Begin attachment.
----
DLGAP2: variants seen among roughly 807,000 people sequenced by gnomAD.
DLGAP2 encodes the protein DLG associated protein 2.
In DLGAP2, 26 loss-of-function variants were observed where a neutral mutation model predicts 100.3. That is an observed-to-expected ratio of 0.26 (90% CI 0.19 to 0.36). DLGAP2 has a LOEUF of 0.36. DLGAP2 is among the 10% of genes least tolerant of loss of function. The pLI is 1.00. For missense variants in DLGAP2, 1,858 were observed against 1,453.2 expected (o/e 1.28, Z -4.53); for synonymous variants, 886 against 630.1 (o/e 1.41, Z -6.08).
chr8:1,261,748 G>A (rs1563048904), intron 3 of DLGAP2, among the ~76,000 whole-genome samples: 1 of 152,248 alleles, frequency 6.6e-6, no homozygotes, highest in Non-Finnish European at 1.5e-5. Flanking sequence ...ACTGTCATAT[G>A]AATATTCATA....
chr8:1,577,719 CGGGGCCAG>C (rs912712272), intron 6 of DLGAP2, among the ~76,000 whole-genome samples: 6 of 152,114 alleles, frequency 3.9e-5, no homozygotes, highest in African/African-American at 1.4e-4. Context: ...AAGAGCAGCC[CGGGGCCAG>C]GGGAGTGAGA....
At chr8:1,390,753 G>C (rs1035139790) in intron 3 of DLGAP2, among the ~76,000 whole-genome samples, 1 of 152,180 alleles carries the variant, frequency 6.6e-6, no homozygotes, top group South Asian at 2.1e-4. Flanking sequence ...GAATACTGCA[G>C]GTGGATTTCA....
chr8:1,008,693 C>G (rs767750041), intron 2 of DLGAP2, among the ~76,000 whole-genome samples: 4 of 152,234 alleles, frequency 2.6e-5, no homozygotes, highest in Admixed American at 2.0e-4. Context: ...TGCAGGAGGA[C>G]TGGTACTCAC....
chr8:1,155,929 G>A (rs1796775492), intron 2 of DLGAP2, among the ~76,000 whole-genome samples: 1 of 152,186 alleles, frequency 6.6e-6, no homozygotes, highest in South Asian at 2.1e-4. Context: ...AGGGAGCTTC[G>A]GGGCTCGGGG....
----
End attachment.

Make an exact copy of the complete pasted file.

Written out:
DLGAP2: variants seen among roughly 807,000 people sequenced by gnomAD.
DLGAP2 encodes the protein DLG associated protein 2.
In DLGAP2, 26 loss-of-function variants were observed where a neutral mutation model predicts 100.3. That is an observed-to-expected ratio of 0.26 (90% CI 0.19 to 0.36). DLGAP2 has a LOEUF of 0.36. DLGAP2 is among the 10% of genes least tolerant of loss of function. The pLI is 1.00. For missense variants in DLGAP2, 1,858 were observed against 1,453.2 expected (o/e 1.28, Z -4.53); for synonymous variants, 886 against 630.1 (o/e 1.41, Z -6.08).
chr8:1,261,748 G>A (rs1563048904), intron 3 of DLGAP2, among the ~76,000 whole-genome samples: 1 of 152,248 alleles, frequency 6.6e-6, no homozygotes, highest in Non-Finnish European at 1.5e-5. Flanking sequence ...ACTGTCATAT[G>A]AATATTCATA....
chr8:1,577,719 CGGGGCCAG>C (rs912712272), intron 6 of DLGAP2, among the ~76,000 whole-genome samples: 6 of 152,114 alleles, frequency 3.9e-5, no homozygotes, highest in African/African-American at 1.4e-4. Context: ...AAGAGCAGCC[CGGGGCCAG>C]GGGAGTGAGA....
At chr8:1,390,753 G>C (rs1035139790) in intron 3 of DLGAP2, among the ~76,000 whole-genome samples, 1 of 152,180 alleles carries the variant, frequency 6.6e-6, no homozygotes, top group South Asian at 2.1e-4. Flanking sequence ...GAATACTGCA[G>C]GTGGATTTCA....
chr8:1,008,693 C>G (rs767750041), intron 2 of DLGAP2, among the ~76,000 whole-genome samples: 4 of 152,234 alleles, frequency 2.6e-5, no homozygotes, highest in Admixed American at 2.0e-4. Context: ...TGCAGGAGGA[C>G]TGGTACTCAC....
chr8:1,155,929 G>A (rs1796775492), intron 2 of DLGAP2, among the ~76,000 whole-genome samples: 1 of 152,186 alleles, frequency 6.6e-6, no homozygotes, highest in South Asian at 2.1e-4. Context: ...AGGGAGCTTC[G>A]GGGCTCGGGG....